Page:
It's like Noah's Ark on the world's greatest flood plain, writes Lorraine Brown.
Standing on the toilet with a towel covering my body, I watch - fascinated and more than a little alarmed - as a snake settles comfortably by the shower.
I'm reminded of the words in the Lonely Planet guidebook: "The Pantanal is a far better place than the Amazon to see wildlife. In the Amazon, the animals hide in the dense foliage, but in the open spaces of the Pantanal, wildlife is visible to the most casual observer."
Too right! Still, I'd prefer it if the wildlife wasn't quite as easy to observe as this.
The Pantanal, an area half the size of France and home to the largest continuous flood plain on the planet, is one of the world's few remaining great wilderness regions.
Right now, I'm wishing this particular part of the wilderness was a little less wild.
The lodge manager arrives. "I think it's a poisonous one," he says, making my journey at least feel heroic. After he has cleared the viper from my bathroom, he says: "It was only a harmless garden snake."
Our journey to reach the Araras Lodge had its own dangers. We had flown into the Cuiaba/Varzea Grande airport and on the transfer by van, we headed along the Transpantaneira Rd towards the lodge, sited on a private reserve. Off the tarseal and onto a dirt, ochre-coloured road with metre-wide potholes, we learned how it feels to be tossed inside a washing machine. Our driver navigates carefully over 118 small bridges - the wobbly ones have been eaten by termites. The road and strip of land on either side of it comprise the Transpantaneira National Park. Our wildlife tour starts here and and we stop often to photograph many exotic birds and animals. Here you will see the capybara, the largest rodent in the world, colourful toucans, paintbrush blue macaw parrots, giant jabiru storks and large numbers of yacare caiman alligators basking peacefully in the sun.
Our guide, Jo, a lovable Portuguese woman with an interesting take on the English language, shares her worst wildlife joke. "If a jaguar is chasing you, run in a straight line, then he will slip on your s***."
The four-day stay at the Araras Lodge is a comfortable surprise, with air conditioning, hot showers and an outdoor pool. Thirty staff are on hand to feed and care for us, and to clear harmless snakes from worried visitors' bathrooms. There are 12 other eco lodges in this area.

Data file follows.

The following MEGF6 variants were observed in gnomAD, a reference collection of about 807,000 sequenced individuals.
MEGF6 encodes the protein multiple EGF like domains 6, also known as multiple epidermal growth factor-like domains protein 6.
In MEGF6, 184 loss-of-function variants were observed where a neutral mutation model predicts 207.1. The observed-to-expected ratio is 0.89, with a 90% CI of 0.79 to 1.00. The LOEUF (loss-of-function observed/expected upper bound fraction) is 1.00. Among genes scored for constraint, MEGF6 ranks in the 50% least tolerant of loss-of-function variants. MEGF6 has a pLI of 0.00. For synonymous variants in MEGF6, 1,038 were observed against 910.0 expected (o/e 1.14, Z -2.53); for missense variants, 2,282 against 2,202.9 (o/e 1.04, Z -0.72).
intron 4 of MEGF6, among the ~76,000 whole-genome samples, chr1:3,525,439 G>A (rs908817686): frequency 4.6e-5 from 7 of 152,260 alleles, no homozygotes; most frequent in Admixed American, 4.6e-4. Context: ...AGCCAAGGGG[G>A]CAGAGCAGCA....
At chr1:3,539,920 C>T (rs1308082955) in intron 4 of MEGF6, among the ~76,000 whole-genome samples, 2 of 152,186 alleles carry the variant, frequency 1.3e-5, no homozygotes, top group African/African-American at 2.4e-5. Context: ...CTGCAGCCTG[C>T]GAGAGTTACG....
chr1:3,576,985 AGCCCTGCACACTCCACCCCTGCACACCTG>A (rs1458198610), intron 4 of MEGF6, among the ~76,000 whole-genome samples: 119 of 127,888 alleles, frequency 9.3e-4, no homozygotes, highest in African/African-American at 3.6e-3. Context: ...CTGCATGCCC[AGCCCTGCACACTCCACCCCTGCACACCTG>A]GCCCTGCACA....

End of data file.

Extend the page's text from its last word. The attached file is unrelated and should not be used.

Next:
One day trip takes us down private dirt roads to the Sentinela Camp for a canoe safari on the Rio Clarinho - here, we fish for the elusive piranha. Raw beef is used to bait these legendary voracious fish. It doesn't take long to hook a small one on our short rods. We all lean back as their famed razor-sharp teeth go on show, and throw them back.
Unlike the piranha, we have our beef cooked - a Brazilian churrasco-style picnic is for lunch, delicious chunky barbecued meat on a skewer. We take breaks from eating to get more photographs of the aquatic birdlife.
A nocturnal safari introduces us to more dusty potholes; we bounce around on the back of a cherry-picking truck. In the artificial light, we see a kind of Noah's Ark, pairs of animals grazing together. The bright spotlight reveals Brazilian rabbits, anteaters, foxes, racoons, deer, pygmy owls and a million caiman eyes shining in the dark. Our guide imitates a large number of bird calls, and is good enough at it to receive back a boomerang chorus of sounds.
Breakfast at the Araras Lodge is al fresco with early morning birds for company; we have evening dining at the inside restaurant, away from biting insects. In Brazil, a meal is always started with soup. A popular dessert is made from sweet potato, similar to kumara.
Sugar cane spirit alcohol (cachaca) is Brazil's national drink, and an alcohol made from sugar cane is used to fuel half the country's cars.
As a finale on the last day, we set off at 5.30am to see the sunrise from nearby Heron's Tower and listen to birds leaving their nests to find food. This is our lucky day: on top of the 12m observation tower we discover a number of inquisitive capuchin monkeys, which we enthusiastically photograph, many of them just an arms-length from the camera.
Perhaps it's no surprise they're so friendly - according to our naturalist guide Jo: "The promiscuous capuchin will mate with every other one of its kind."
Like so much of the Pantanal, these monkeys make a fabulous subject for a passionate photographer. I can't wait to return.
Getting there: Lan Airlines operates seven non-stop flights each week from Auckland to Santiago, Chile, with onward connections, to Cuiaba/Varzea Grande Airport.